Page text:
David Orchard
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Winnipeg Free Press, February 21, 2003

Orchard has PC star appeal

by Frances Russell

His opponents in the race to replace Joe Clark as the leader of the federal Tories vacillate between pooh-poohing David Orchard as a crank and panicking at his possible popular appeal.

But he has an illustrious political connection, star supporters his foes can only dream about and policies on Canada's future that polls indicate are more popular with Canadians than the positions of any of his adversaries.

The organic wheat farmer from Borden, Saskatchewan and the man who finished a distant second in the 1998 Tory leadership contest brings his cross-country drive to take the party's top job to a rally at the University of Winnipeg tonight.

The fluently bilingual, fierce Canadian nationalist may be odd man out among what one commentator describes as "a clutch of blue suits" vying to replace Mr. Clark, but he counts in his corner such luminaries as novelist Margaret Atwood, artist Robert Bateman, Stompin' Tom Connors, classical pianist Anton Kuerti, former Noranda CEO Adam Zimmerman and the founder of Alberta's Nova Corporation, Bob Blair.

In addition, Mr. Orchard's candidacy won the blessing of former prime minister Pierre Trudeau. Mr. Orchard recalled in an interview this week that Mr. Trudeau "very much encouraged me" to run for the Conservative Party leadership in May, 1998. "He called it 'an ingenious use of political reality and it's historically correct. Don't be ashamed of it.' " In their final meeting in June, 2000, Mr. Trudeau again endorsed the Saskatchewan farmer's leadership quest, telling him he was "not the usual politician. You do not want to hand the country over to the great enterprises."

Mr. Orchard was wooed by the Liberals several times but it was former prime minister John Turner who advised him in 1997 to consider the Conservatives. He already knew most of his heroes were Conservatives -- Sir John A. Macdonald, Robert Borden, R.B. Bennett and John Diefenbaker. They were the prime ministers who built the railroad, defeated reciprocity in 1911, created the Canadian Broadcasting Corporation, established the Canadian Wheat Board and set up the Bank of Canada.

They were "red" Tories, nationalists who fought to keep the country out of the American eagle's nest. They were also socially conscious. They drew on a long British "Red" Tory tradition expressed in Prime Minister Benjamin Disraeli's dictum that "the rights of labour are as sacred as the rights of property".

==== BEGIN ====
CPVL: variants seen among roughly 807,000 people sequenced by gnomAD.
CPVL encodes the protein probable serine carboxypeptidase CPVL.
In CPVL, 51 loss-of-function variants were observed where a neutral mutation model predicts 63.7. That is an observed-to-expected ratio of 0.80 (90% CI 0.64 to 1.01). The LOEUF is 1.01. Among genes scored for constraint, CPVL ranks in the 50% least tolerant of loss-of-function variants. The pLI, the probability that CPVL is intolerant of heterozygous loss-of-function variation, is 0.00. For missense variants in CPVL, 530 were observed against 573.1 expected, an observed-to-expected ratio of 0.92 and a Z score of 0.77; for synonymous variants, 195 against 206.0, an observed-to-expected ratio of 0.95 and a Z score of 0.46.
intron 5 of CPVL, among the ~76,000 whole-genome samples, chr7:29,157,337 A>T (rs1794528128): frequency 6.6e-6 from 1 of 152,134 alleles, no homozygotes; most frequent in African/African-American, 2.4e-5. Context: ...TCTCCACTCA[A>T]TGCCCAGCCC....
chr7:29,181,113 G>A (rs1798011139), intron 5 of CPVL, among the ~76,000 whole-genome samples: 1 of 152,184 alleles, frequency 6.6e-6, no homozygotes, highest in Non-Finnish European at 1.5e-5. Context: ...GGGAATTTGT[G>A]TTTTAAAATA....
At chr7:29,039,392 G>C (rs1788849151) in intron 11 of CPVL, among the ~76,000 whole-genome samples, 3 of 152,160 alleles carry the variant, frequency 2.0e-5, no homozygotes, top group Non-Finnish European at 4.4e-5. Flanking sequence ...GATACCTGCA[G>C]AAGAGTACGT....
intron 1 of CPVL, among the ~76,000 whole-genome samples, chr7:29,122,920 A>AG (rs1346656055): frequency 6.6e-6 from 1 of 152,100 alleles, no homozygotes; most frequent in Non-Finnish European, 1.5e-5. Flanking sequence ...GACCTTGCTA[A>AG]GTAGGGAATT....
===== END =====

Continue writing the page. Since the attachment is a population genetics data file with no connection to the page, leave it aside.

Mr. Orchard knows there is a "blue" Tory tradition, too, exhibited in the personages of John Bracken, George Drew and Brian Mulroney. Originally the Tories of Bay Street, under the Mulroney government, they became - and still are - the Tories of Wall Street.

It's the Bay Street-Wall Street party Mr. Orchard is now trying to pull back to its electorally successful Red Tory roots and prevent the certain electoral death of an alliance with the Canadian Alliance. "In the last election, far more eligible Canadians didn't vote at all than voted for the Canadian Alliance," he says. "Does anyone believe merging with the Alliance will attract disillusioned youth? Aboriginals? New Canadians? Francophones?"

Mr. Orchard believes the Conservatives once again must become a "big tent" party. "When the Conservative Party adheres to its people-come-first roots, its following is strong. Each time it loses its sense of nationhood, moves too far to the right and adopts a narrow business agenda, the party loses itself too.

"The choice before us is either permanent Liberal rule or a rejuvenated mainstream Progressive Conservative party which steers well clear of the Canadian Alliance."

He wants the party to create a blue ribbon panel to review the benefits to Canada of the North American Free Trade Agreement. Secure access to American markets was not only not achieved, but Canada now suffers greater trade harassment than ever before, in steel, in softwood lumber, with the wheat board. Worse, because of the Byrd amendment, U.S. punitive duties go straight into the coffers of U.S. business, inviting even more harrassment.

"Alberta gets zero per cent royalty for tar sands oil going to the U.S. Our east coast gas is committed to the American market. Maritimers can't get it. The net realized income of Saskatchewan farmers today is 10 per cent of what it was a decade ago, yet we've almost tripled our agricultural exports," Mr. Orchard says. "I'm saying there's something wrong with that model."

Meanwhile, the latest Maclean's Magazine year-end poll found that 57 per cent of Canadians now want their country to become more independent of the U.S.

He is realistic about his chances. "My opponents each have more than a million dollars to spend." But he says the Tory Draft.com Website that is tracking memberships has him selling 250 a day compared to 50 each for other contenders.


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